Nutrition bars are often touted for their high protein, high fiber and low fat content, but not all bars are created equal. While many can be the perfect combination of on-the-go nutrients, others may contain enough sugar to qualify as a glorified candy bar, or have a long list of unfamiliar ingredients. However, with a little label reading and a quick crash course in this nutrition bar know-how, it is possible to choose a better bar.
Read the Ingredient List
You guessed it! As with all packaged foods, label reading should be #1 when it comes to choosing wisely. Look for a list filled with real, whole foods and try to stay away from hard-to-pronounce words or chemically laden ingredients. Some of the best bars include simple, short ingredient lists with nuts, dates or other no-sugar-added fruit.
Skip the Sweet Stuff
While scanning the ingredient list, be sure to steer clear of sweeteners or added sugars. Many sweeteners are disguised by names including brown rice syrup, evaporated cane juice, or agave, however, they are all simply sugar substitutes. Instead, aim for ingredients with real, unsweetened fruit and choose a bar with less than 10g of sugar.
Be Picky about Protein
Egg whites, nuts, nut butters and seeds are all excellent sources of protein and can often be found in nutrition bars. These whole, natural protein sources are always the best choice over processed proteins, including soy protein isolate or protein concentrate. While whey protein is a natural byproduct of dairy, it can still cause potential negative side effects including digestive cramping, headaches or fatigue. Instead, choose whole sources of protein over byproducts or concentrates.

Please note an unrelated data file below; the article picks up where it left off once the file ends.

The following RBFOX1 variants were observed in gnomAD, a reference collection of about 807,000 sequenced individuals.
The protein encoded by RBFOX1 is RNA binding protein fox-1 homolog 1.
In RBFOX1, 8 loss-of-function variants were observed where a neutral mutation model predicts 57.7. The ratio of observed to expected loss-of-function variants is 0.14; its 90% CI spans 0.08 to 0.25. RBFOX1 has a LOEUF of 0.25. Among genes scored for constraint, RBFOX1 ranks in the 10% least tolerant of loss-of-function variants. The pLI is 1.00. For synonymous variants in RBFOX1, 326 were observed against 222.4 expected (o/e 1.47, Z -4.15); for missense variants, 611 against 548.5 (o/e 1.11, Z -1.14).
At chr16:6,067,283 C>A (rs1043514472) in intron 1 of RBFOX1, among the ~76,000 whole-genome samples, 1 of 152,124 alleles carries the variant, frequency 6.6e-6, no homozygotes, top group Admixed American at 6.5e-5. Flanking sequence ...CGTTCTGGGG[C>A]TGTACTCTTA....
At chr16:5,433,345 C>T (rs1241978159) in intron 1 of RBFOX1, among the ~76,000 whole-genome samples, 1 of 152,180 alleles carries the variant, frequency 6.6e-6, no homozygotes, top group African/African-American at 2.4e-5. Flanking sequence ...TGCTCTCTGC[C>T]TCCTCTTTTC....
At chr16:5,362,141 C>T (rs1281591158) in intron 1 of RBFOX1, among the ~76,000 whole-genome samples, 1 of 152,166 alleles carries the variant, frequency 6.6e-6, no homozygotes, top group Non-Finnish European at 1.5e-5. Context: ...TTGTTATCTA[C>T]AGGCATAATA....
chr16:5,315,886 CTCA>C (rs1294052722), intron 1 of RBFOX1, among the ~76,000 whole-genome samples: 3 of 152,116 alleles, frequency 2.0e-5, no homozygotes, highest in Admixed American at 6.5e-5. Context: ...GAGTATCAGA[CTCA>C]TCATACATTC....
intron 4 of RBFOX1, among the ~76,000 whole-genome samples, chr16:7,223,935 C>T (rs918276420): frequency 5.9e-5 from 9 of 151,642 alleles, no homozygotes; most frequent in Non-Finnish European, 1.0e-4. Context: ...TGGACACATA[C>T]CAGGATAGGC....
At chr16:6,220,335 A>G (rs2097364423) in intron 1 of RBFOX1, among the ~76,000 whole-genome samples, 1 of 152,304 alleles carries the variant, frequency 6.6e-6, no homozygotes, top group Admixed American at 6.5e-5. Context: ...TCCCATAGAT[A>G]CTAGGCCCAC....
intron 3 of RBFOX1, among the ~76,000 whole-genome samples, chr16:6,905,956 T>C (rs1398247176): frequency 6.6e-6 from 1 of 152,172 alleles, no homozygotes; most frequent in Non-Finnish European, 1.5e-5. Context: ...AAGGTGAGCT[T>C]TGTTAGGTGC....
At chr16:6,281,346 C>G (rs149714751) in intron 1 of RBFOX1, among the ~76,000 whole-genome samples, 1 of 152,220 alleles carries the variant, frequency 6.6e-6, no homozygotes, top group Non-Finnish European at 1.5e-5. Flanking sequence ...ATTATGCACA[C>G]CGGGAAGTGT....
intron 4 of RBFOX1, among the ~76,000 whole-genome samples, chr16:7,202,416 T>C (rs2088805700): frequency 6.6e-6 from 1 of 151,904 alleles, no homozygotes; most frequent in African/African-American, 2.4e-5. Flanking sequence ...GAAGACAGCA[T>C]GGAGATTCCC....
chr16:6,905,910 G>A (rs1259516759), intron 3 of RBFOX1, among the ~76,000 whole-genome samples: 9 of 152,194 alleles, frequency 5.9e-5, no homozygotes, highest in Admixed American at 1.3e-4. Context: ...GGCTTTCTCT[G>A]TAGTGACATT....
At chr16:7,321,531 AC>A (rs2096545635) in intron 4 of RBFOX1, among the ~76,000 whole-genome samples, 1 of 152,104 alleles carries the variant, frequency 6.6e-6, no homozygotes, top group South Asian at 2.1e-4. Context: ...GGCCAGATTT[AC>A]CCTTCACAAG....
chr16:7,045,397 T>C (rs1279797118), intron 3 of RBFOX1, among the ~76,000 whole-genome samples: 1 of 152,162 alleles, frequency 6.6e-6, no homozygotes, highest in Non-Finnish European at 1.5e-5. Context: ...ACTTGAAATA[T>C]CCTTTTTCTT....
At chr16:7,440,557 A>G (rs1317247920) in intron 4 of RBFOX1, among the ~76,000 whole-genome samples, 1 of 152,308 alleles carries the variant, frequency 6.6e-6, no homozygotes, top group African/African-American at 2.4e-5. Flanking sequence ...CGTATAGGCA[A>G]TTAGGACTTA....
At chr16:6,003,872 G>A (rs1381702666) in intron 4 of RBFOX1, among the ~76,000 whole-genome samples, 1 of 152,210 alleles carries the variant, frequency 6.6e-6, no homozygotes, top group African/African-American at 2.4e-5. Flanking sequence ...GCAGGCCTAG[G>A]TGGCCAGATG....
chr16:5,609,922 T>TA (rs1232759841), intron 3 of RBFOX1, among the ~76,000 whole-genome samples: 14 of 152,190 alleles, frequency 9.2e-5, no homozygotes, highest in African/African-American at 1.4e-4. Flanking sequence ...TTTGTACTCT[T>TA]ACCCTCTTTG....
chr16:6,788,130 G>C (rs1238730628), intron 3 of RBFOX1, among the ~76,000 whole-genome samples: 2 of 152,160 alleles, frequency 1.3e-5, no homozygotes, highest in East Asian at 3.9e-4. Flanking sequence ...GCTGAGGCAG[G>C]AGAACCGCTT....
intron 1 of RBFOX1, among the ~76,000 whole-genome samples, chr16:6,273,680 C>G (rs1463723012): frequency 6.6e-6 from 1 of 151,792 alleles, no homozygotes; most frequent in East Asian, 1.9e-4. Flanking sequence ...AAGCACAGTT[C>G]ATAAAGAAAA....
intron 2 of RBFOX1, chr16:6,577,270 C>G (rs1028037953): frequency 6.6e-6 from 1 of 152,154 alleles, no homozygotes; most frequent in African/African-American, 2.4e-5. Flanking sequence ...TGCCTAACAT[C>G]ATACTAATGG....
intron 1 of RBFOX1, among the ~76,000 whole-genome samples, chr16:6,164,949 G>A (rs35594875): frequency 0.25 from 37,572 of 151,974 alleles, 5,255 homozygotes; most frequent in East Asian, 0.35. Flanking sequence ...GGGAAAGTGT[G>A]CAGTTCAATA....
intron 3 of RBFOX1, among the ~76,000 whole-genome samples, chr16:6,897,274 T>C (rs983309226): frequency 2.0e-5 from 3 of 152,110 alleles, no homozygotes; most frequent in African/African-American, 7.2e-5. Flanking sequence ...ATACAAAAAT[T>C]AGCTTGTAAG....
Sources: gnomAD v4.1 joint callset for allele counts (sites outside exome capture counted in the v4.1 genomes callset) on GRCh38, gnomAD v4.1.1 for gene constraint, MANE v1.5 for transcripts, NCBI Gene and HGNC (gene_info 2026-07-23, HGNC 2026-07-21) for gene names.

Focus on Fiber
Fiber is one of the best sources for filling up without filling out. Look for bars with high sources of natural fiber, including nuts and fruit, to ensure a balanced snack. The powerful combination of protein and fiber will keep you full, satiated and energized until your next meal.
While many nutrition bars are the perfect, portable snack, be sure to balance with other whole foods throughout the day. It is possible to have too much of a good thing, so don’t treat bars as meal replacements. Instead, fill up on fresh foods first and use nutrition bars to supplement during moments of between-meal hunger. As a general rule, snacks should stay around 200-250 calories – nutrition bars included!
WATCH THIS: Check out Lara’s Nutrition Bar Tips featured on Fox News on August 7, 2015
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